Tencent booked a drop in Q2 profit on reduced investment returns, while noting headwinds in mobile gaming and the impact of new regulation on mobile payments.

Profit attributable to equity holders was CNY17.9 billion ($2.6 billion), a 2 per cent fall year-on-year, which it attributed to lower gains from outside investments. Reuters reported it was the first decline in profit at the company for 13 years.

Despite higher usage of its mobile payments services (average daily transaction figures were up 40 per cent year-on-year), Tencent said revenue from the division and gross margins were negatively impacted by new regulation from the People’s Bank of China (PBC).

Rules on moving user deposits into a central clearing house announced by PBC in 2017 have been gradually introduced. In April, companies were required to transfer 42 per cent of funds to the central clearing facility: this increased to 52 per cent last month and will eventually reach 100 per cent.

Previously, these funds could be used to generate interest for payment providers until withdrawn by customers.

Tencent said it was “seeking to mitigate the impact through various monetisation initiatives elsewhere in our payment and related financial services.”

Revenue specific to mobile payments is not broken out and is included in Tencent’s “other” reporting segment alongside cloud services. In Q2, the unit recorded 81 per cent year-on-year revenue growth to CNY17.5 billion.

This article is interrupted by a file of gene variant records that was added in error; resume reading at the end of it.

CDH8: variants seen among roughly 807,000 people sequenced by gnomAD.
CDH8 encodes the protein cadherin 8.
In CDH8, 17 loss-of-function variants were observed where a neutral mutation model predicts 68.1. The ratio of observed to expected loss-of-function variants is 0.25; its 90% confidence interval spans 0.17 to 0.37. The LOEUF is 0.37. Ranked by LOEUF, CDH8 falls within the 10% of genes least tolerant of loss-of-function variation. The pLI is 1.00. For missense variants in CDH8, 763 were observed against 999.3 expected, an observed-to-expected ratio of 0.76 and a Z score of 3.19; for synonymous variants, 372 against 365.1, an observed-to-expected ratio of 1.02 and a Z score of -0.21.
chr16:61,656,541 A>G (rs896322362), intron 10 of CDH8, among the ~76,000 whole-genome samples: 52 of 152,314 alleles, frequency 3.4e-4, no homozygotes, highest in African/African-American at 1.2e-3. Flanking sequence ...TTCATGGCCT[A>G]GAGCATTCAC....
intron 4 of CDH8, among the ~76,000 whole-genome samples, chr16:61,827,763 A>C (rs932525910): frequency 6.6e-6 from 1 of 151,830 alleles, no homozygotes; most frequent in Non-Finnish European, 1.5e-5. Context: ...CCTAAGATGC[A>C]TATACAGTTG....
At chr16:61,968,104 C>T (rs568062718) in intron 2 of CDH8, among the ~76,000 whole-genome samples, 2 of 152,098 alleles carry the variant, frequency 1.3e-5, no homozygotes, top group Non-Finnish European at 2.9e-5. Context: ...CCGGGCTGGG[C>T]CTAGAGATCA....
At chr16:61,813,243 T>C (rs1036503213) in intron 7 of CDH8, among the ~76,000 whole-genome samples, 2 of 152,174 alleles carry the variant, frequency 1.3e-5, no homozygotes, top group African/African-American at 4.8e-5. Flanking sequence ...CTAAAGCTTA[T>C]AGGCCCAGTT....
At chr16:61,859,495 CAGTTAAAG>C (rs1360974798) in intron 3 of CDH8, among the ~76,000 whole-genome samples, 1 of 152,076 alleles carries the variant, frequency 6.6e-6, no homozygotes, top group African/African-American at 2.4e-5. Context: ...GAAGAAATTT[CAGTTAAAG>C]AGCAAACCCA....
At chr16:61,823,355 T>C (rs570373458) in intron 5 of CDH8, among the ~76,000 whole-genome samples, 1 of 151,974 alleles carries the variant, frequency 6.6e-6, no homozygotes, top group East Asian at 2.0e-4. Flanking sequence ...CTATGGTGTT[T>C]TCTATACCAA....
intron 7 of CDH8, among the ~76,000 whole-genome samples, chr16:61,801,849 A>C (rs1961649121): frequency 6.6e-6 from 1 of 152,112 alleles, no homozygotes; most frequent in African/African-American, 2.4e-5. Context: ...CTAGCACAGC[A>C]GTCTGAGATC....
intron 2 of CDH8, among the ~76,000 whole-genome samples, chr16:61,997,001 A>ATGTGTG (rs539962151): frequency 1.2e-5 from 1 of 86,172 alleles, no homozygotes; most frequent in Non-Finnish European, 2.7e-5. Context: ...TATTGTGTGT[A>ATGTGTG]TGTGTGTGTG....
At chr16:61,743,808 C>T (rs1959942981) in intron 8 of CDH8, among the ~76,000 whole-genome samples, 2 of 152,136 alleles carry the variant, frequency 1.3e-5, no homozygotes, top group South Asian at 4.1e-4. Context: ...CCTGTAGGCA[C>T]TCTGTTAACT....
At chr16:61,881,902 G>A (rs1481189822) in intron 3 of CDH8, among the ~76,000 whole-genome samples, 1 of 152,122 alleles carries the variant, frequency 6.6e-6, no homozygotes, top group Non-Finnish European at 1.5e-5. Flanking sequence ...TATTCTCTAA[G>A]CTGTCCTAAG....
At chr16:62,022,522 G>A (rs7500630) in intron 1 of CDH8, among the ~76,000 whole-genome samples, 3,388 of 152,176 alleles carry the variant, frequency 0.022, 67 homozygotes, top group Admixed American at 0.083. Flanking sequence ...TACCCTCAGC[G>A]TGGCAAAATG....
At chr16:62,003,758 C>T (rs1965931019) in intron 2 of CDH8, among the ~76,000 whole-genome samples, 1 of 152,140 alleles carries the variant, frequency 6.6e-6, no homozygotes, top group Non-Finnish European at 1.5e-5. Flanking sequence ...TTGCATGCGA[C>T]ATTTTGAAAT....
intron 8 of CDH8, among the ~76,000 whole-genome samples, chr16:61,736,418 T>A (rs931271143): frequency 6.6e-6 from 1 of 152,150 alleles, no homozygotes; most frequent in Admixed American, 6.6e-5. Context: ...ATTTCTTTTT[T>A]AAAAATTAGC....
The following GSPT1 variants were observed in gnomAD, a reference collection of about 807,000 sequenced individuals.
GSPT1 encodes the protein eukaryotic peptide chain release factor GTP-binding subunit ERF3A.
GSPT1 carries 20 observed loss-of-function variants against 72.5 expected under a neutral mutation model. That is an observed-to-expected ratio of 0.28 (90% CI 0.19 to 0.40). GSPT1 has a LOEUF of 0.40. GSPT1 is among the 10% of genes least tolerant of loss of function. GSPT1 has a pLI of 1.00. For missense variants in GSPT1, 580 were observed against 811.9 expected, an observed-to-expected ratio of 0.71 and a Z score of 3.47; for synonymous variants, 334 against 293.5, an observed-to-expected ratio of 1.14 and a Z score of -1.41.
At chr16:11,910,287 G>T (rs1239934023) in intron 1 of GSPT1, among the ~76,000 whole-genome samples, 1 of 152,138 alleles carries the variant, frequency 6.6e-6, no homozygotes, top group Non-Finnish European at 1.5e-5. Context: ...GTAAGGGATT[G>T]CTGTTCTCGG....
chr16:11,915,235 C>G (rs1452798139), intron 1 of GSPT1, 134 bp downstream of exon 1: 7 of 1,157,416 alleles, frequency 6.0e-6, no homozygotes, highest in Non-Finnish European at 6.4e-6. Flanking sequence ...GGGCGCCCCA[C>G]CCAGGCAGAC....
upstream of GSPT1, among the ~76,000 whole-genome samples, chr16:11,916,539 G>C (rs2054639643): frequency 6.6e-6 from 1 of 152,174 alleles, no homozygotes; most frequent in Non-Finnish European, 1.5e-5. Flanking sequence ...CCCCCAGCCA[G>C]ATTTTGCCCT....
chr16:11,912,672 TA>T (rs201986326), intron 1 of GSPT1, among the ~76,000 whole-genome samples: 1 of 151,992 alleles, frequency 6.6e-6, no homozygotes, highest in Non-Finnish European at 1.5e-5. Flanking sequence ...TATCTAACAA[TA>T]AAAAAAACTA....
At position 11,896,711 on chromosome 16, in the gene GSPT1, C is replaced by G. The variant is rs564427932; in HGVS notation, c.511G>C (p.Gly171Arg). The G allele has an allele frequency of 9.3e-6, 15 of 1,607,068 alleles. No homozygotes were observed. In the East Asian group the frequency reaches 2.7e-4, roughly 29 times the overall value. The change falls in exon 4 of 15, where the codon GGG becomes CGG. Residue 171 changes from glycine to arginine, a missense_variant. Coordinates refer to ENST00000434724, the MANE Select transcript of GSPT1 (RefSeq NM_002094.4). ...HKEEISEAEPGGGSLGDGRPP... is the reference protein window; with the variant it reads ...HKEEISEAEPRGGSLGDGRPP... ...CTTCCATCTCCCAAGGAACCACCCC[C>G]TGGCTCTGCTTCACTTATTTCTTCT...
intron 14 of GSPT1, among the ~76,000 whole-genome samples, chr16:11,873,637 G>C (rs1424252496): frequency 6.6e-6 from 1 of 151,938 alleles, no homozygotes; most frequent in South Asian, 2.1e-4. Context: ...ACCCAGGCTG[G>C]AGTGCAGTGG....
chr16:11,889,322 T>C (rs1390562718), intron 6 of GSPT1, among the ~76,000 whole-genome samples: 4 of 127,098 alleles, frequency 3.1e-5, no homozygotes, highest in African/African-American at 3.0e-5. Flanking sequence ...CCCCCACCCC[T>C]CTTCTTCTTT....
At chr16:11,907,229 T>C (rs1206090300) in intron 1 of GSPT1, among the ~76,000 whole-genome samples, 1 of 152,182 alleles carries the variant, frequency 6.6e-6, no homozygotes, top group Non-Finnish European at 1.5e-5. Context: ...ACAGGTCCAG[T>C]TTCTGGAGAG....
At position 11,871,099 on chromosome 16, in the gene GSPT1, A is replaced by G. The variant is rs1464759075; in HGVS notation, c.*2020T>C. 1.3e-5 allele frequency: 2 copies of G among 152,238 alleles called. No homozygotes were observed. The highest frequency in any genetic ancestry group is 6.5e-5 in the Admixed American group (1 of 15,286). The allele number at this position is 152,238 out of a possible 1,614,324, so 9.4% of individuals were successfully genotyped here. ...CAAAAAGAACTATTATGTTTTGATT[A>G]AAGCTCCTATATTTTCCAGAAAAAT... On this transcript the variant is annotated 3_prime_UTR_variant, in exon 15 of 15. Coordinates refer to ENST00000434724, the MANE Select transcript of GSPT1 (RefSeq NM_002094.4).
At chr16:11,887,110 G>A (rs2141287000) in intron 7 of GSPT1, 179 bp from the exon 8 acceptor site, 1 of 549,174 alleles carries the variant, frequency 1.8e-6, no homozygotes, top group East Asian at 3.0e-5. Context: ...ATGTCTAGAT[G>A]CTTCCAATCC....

Tencent’s mobile gaming division, which distributes hit titles including Honour of Kings and League of Legends, recorded increased user numbers and engagement rates both in China and overseas, but was impacted by “transient factors”.

While mobile game revenue increased 19 per cent year-on-year to CNY17.6 billion in Q2, the figure was down 19 per cent sequentially. Tencent noted the limits on performance in the recent period had been due to “non-monetisation of popular tactical tournament games” and the release of new titles being loaded towards the end of the quarter.

Tencent added it would seek to “reinvigorate our mobile game revenue growth, via initiatives including deepening engagement with our existing major titles, monetising the proven popularity of tactical tournament games, launching a broader range of games in high-ARPU categories (such as the RPG genre), and increasing contributions from publishing our China-developed games internationally.”

It noted the changes would take months to implement.

After the end of the quarter, Tencent’s mobile gaming unit was dealt a new blow by authorities in China when Monster Hunter: World was banned for not meeting regulatory requirements.